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Biden's Inauguration Gives Us New Hope, but the Movement for Justice Must Continue to Build on Its Own Agenda

There should be no reluctance to work with Biden to help pass critical reforms, but at the same time, the pressure for outside must continue to build for there to be any hope of change.

Aaron Haines helps place American flags on the National Mall as the U.S Capitol Building is prepared for the inaugural ceremonies for President-elect Joe Biden on January 18, 2021 in Washington, DC. The approximately 191,500 U.S. flags will cover part of the National Mall and will represent the American people who are unable to travel to Washington, DC for the inauguration. (Photo by Joe Raedle/Getty Images)

Aaron Haines helps place American flags on the National Mall as the U.S Capitol Building is prepared for the inaugural ceremonies for President-elect Joe Biden on January 18, 2021 in Washington, DC. The approximately 191,500 U.S. flags will cover part of the National Mall and will represent the American people who are unable to travel to Washington, DC for the inauguration. (Photo by Joe Raedle/Getty Images)

On Monday, we celebrated Dr. Martin Luther King’s 91st birthday; on Wednesday, Joe Biden will be inaugurated as president, promising change after a dark period of division. Dr. King’s relationship with John F. Kennedy and Lyndon Johnson offers instructive lessons for today’s movement for justice.

Kennedy, inaugurated after eight years of Republican Dwight Eisenhower, brought new energy to Washington. Kennedy favored action on civil rights but was terribly worried that trying to move a civil rights bill would get in the way of the rest of his legislative agenda.

During his campaign, his call to Coretta Scott King when Dr. King was jailed, helped him capture immense Black support in a razor-thin election. Yet, he was wary of King, unhappy that King and the movement kept demonstrating and forcing change.

The movement for justice must continue to organize nonviolent protest, challenging the entrenched systemic racism that still pervades our institutions.

King appreciated Kennedy but understood the conflicting pressures he faced. The movement continued independently. The Freedom Riders in Montgomery, the dogs and water cannons in Birmingham, the sit-in in Jackson forced Kennedy to act. Even then the legislation — and much of Kennedy’s agenda — was stuck in the legislature.

Kennedy’s assassination brought Lyndon Johnson, the master of the Senate, to the presidency. Johnson decided to push civil rights legislation and put his enormous skills behind passing it. King conferred with Johnson and helped put pressure on legislators who were reluctant. King wasn’t simply interested in protest; he wanted a change in policy and was prepared to work with LBJ to get it.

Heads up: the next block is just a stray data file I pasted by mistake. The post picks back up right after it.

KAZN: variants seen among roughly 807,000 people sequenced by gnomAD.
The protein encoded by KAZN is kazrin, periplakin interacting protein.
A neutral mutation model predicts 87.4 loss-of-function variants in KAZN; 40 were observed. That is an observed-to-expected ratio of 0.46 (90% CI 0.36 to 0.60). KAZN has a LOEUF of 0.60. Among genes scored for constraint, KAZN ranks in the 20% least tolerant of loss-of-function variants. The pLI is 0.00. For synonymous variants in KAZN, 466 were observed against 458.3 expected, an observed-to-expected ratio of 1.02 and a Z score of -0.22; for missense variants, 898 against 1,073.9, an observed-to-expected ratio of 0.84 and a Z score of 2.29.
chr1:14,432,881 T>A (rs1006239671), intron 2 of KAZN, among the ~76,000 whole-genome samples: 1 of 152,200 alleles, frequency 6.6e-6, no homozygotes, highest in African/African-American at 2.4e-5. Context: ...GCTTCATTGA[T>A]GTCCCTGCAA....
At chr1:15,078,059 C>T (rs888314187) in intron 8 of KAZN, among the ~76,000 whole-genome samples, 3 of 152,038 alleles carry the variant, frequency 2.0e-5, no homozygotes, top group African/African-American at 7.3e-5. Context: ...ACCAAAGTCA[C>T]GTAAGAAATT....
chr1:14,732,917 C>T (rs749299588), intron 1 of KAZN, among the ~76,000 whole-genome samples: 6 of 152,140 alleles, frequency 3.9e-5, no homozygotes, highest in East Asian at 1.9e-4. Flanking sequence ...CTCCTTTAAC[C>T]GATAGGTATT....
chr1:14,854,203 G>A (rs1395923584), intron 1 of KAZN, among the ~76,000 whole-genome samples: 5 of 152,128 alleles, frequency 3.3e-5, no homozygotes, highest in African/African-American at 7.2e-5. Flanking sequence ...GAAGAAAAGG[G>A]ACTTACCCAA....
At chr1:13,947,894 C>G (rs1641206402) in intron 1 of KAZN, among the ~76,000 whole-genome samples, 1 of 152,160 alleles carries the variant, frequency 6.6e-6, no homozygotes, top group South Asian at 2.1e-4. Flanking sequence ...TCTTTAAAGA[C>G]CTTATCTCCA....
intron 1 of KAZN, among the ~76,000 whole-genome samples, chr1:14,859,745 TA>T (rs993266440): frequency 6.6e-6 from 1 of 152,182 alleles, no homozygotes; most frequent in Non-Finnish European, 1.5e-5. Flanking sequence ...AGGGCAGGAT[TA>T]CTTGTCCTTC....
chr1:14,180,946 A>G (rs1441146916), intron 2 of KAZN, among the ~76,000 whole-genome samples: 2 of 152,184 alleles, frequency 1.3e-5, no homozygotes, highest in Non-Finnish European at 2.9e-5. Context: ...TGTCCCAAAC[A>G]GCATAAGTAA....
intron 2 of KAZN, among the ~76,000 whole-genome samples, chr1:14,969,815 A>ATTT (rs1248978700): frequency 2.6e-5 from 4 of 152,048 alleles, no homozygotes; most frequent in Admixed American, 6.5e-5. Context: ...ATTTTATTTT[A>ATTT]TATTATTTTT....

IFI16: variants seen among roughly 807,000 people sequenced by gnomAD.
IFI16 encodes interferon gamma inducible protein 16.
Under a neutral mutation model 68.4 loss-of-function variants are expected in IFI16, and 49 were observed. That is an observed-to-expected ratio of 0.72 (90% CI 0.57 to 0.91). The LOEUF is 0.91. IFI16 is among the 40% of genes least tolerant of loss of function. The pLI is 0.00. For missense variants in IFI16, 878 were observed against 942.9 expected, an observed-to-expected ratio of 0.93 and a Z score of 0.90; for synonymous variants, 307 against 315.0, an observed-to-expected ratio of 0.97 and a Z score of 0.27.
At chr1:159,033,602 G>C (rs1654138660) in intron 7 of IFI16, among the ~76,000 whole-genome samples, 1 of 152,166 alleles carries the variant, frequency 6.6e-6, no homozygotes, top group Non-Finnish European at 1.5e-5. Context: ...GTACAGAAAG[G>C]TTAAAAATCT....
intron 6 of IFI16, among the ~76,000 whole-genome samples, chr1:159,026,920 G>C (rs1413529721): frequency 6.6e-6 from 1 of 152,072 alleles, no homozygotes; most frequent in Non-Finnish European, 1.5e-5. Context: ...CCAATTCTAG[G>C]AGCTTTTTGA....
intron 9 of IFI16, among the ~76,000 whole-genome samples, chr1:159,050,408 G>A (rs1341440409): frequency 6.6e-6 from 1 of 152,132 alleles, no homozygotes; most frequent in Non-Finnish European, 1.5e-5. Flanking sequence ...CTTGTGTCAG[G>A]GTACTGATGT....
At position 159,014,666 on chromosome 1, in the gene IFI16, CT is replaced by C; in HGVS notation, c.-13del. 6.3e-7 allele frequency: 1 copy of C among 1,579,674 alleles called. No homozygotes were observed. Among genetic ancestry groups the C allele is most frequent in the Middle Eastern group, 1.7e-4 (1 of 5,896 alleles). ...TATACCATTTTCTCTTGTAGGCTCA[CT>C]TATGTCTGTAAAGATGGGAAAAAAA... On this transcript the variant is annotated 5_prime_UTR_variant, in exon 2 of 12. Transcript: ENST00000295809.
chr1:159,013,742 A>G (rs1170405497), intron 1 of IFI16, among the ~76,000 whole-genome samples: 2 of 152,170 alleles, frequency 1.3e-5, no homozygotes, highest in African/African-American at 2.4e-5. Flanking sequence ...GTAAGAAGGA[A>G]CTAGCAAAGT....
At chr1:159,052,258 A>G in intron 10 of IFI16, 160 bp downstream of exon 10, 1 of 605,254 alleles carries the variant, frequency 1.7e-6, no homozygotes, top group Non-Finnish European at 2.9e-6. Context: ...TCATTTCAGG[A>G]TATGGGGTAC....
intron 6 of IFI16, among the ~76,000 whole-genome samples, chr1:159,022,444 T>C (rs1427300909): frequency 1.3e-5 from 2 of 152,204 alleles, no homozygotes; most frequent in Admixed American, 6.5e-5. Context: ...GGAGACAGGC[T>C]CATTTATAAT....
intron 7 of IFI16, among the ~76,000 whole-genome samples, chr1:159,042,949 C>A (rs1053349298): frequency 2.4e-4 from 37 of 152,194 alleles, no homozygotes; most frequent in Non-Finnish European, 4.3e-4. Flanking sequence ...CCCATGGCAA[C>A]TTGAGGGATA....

Johnson, like Kennedy, was wary of King. He often besmirched him in private, angry that King would not stop the demonstrations. Again, the movement — this time the dramatic scenes at Selma — forced action, and Johnson rose to the moment, leading to the passage of the Voting Rights Act.

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The collaboration of Johnson and King, however, soon ended. The Watts Riot angered Johnson who thought blacks should be grateful for what he had done. When Dr. King went public with his opposition to the Vietnam War, the relationship was severed. The FBI under J. Edgar Hoover continued its efforts to discredit and intimidate King.

Today the situation is different. Black voters were critical to Biden’s election victory. He chose Kamala Harris as his vice president. He has reaffirmed his commitment to criminal justice reform, to addressing the continued disparities in education, housing, health care and opportunity. What African Americans still seek is an even playing field. On economic justice issues, our agenda speaks to all: the right to a job, the right to health care, the right to a high-quality education, retirement security. To drive reform, the lessons of the 1960s still apply.

The movement for justice must continue to organize nonviolent protest, challenging the entrenched systemic racism that still pervades our institutions. It must continue to build, as Dr. King did, a poor people’s campaign across lines of race and region. The movement can’t follow Biden’s timetable; it must continue to build on its own agenda. There should be no reluctance to work with Biden to help pass critical reforms, but at the same time, the pressure for outside must continue to build for there to be any hope of change.

The 1960s offer another caution: the war on poverty, the progress on civil rights, was lost in the jungles of Vietnam, as that war consumed resources and attention as well as lives. While Biden’s domestic pledges offer hope, he inherits a country mired in endless wars and gearing up for a new cold war with both Russia and China. Once more, follies abroad may sap the energy needed to rebuild at home. Once more, the movement for justice must not be silent about the administration’s priorities.

Biden’s inauguration offers new hope and new energy. He inherits severe crises—the pandemic, mass unemployment, extreme inequality, the climate crisis, racial upheaval. He’ll need all the help he can get. And the best way the movement can help is to keep on keeping on.

Jesse Jackson

Jesse Jackson

Jesse Jackson is an African-American civil rights activist and Baptist minister. He was a candidate for the Democratic presidential nomination in 1984 and 1988 and served as shadow senator for the District of Columbia from 1991 to 1997. He was the founder of both entities that merged to form Rainbow/PUSH.

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